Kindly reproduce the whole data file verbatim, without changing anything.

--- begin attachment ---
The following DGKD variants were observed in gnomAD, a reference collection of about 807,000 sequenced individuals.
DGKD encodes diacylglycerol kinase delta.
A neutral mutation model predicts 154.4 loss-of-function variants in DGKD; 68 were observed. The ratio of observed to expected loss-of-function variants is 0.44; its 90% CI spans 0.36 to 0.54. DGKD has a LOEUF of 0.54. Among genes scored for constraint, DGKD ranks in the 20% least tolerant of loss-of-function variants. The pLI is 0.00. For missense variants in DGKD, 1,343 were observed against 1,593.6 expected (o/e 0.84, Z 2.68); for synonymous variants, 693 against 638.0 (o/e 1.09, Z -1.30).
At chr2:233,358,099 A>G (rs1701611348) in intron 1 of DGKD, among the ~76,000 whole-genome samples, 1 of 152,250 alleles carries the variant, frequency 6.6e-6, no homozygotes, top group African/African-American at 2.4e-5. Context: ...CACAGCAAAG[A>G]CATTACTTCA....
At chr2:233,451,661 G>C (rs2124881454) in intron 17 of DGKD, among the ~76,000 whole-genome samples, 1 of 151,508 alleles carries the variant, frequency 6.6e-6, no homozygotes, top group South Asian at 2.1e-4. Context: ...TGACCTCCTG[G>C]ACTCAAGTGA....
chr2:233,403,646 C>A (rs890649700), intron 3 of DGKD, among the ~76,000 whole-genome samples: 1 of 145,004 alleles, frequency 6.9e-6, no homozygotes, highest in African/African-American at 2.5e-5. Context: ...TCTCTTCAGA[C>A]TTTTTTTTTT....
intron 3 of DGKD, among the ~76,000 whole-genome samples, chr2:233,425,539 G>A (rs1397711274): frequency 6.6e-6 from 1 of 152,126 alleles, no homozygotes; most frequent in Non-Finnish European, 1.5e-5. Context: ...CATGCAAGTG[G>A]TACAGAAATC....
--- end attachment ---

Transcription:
The following DGKD variants were observed in gnomAD, a reference collection of about 807,000 sequenced individuals.
DGKD encodes diacylglycerol kinase delta.
A neutral mutation model predicts 154.4 loss-of-function variants in DGKD; 68 were observed. The ratio of observed to expected loss-of-function variants is 0.44; its 90% CI spans 0.36 to 0.54. DGKD has a LOEUF of 0.54. Among genes scored for constraint, DGKD ranks in the 20% least tolerant of loss-of-function variants. The pLI is 0.00. For missense variants in DGKD, 1,343 were observed against 1,593.6 expected (o/e 0.84, Z 2.68); for synonymous variants, 693 against 638.0 (o/e 1.09, Z -1.30).
At chr2:233,358,099 A>G (rs1701611348) in intron 1 of DGKD, among the ~76,000 whole-genome samples, 1 of 152,250 alleles carries the variant, frequency 6.6e-6, no homozygotes, top group African/African-American at 2.4e-5. Context: ...CACAGCAAAG[A>G]CATTACTTCA....
At chr2:233,451,661 G>C (rs2124881454) in intron 17 of DGKD, among the ~76,000 whole-genome samples, 1 of 151,508 alleles carries the variant, frequency 6.6e-6, no homozygotes, top group South Asian at 2.1e-4. Context: ...TGACCTCCTG[G>C]ACTCAAGTGA....
chr2:233,403,646 C>A (rs890649700), intron 3 of DGKD, among the ~76,000 whole-genome samples: 1 of 145,004 alleles, frequency 6.9e-6, no homozygotes, highest in African/African-American at 2.5e-5. Context: ...TCTCTTCAGA[C>A]TTTTTTTTTT....
intron 3 of DGKD, among the ~76,000 whole-genome samples, chr2:233,425,539 G>A (rs1397711274): frequency 6.6e-6 from 1 of 152,126 alleles, no homozygotes; most frequent in Non-Finnish European, 1.5e-5. Context: ...CATGCAAGTG[G>A]TACAGAAATC....